New research reveals extent of East German spying in Canada

Helmut Muller-Enbergs

Muller-Enbergs

By JOSEPH FITSANAKIS | intelNews.org |
Previously unknown aspects of East German intelligence-gathering operations in Canada will be presented this coming Saturday at the annual conference of the Canadian Association for Security and Intelligence Studies in Ottawa. The new data was unearthed in Berlin by Helmut Müller-Enbergs, a researcher with Germany’s Office of the Federal Commissioner Preserving the Records of the Ministry for State Security of the German Democratic Republic (BStU). His findings show that the Stasi (Hauptverwaltung Aufklärung), the main foreign intelligence department of the German Democratic Republic (GDR), was able to gain “deep insights into the domestic and foreign affairs of Canada”. The feat appears impressive when considering that the GDR had no embassy in Canada until 1987. Read more of this post

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News you may have missed #0128

  • US government appeals judge’s order in Cuban Five spy case. US government officials are contending a judge’s order because they say it would be detrimental to US national security. The order requires the US government to turn over any national security damage assessments in the Cuban Five case. Washington accuses the Five of spying on the US for Cuba. Three of the five are to be given new sentences on October 13 after an appeals court ruled that the initial sentences they received (ranging from 19 years to life) were too long.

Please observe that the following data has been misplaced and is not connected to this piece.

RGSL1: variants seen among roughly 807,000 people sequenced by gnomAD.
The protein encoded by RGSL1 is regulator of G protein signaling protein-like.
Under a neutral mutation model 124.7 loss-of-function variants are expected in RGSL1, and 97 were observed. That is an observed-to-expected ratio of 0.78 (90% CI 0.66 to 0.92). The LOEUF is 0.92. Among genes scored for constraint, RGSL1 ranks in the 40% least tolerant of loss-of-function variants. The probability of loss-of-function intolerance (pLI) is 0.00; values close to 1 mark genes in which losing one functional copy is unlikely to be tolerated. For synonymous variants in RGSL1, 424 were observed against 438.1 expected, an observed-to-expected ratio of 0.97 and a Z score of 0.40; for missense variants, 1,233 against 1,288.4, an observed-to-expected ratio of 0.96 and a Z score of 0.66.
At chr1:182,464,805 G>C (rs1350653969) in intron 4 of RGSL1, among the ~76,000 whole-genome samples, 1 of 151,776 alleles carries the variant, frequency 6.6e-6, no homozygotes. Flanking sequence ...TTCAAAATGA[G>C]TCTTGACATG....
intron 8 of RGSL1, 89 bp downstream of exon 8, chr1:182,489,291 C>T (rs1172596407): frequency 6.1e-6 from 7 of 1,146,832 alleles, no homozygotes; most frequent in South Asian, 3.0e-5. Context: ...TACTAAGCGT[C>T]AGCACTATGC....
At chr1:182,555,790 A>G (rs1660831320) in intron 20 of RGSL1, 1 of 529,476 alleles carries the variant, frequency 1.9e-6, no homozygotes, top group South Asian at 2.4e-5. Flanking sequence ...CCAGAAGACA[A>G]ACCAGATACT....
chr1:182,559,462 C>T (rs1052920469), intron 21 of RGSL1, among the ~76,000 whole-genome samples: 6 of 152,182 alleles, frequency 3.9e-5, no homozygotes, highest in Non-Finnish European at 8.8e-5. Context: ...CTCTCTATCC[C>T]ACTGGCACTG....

• Indian spies want access to missed calls. Indian security agencies have told the country’s Department of Telecommunications that they need access to missed calls because “anti-social elements” may be using the system to communicate without actually making a call. Last month, India’s Intelligence Bureau asked for all VOIP (internet-based) calls in the country to be blocked until it figures out a mechanism to track them. It also said it wants access to the content of all mobile phone calls in the country.
  • New book investigates Stasi’s scientific espionage. Documents from the vaults of HVA (Hauptverwaltung Aufklärung), the foreign department of the Stasi, the East German Ministry for State Security, which were purchased by the CIA from a German informant in 1992, were made available in 2005 to Kristie Macrakis professor of history at the Georgia Institute of Technology in Atlanta. Her book, Seduced by Secrets: Inside the Stasi’s Spy-Tech World, offers a rare look into the Stasi’s secret technical methods and sources. Macrakis’s analysis of the CIA material reportedly reveals that about 40% of all HVA sources planted in West German companies, research institutions and universities were stealing scientific and technical secrets.

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News you may have missed #0079

  • Berlin football club cancels deal over Stasi controversy. FC Union Berlin has dumped its main sponsor, International Sport Promotion, over allegations that its CEO, Juergen Czilinsky, was a member of the Stasi, the East German secret police.
  • US officials targeted by fake emails. Malicious emails claiming to be from the US Department of Homeland Security, but which actually originate from Latvia and Russia, are being sent to Pentagon and state and local officials in the US. Similar news emerged from Australia last week.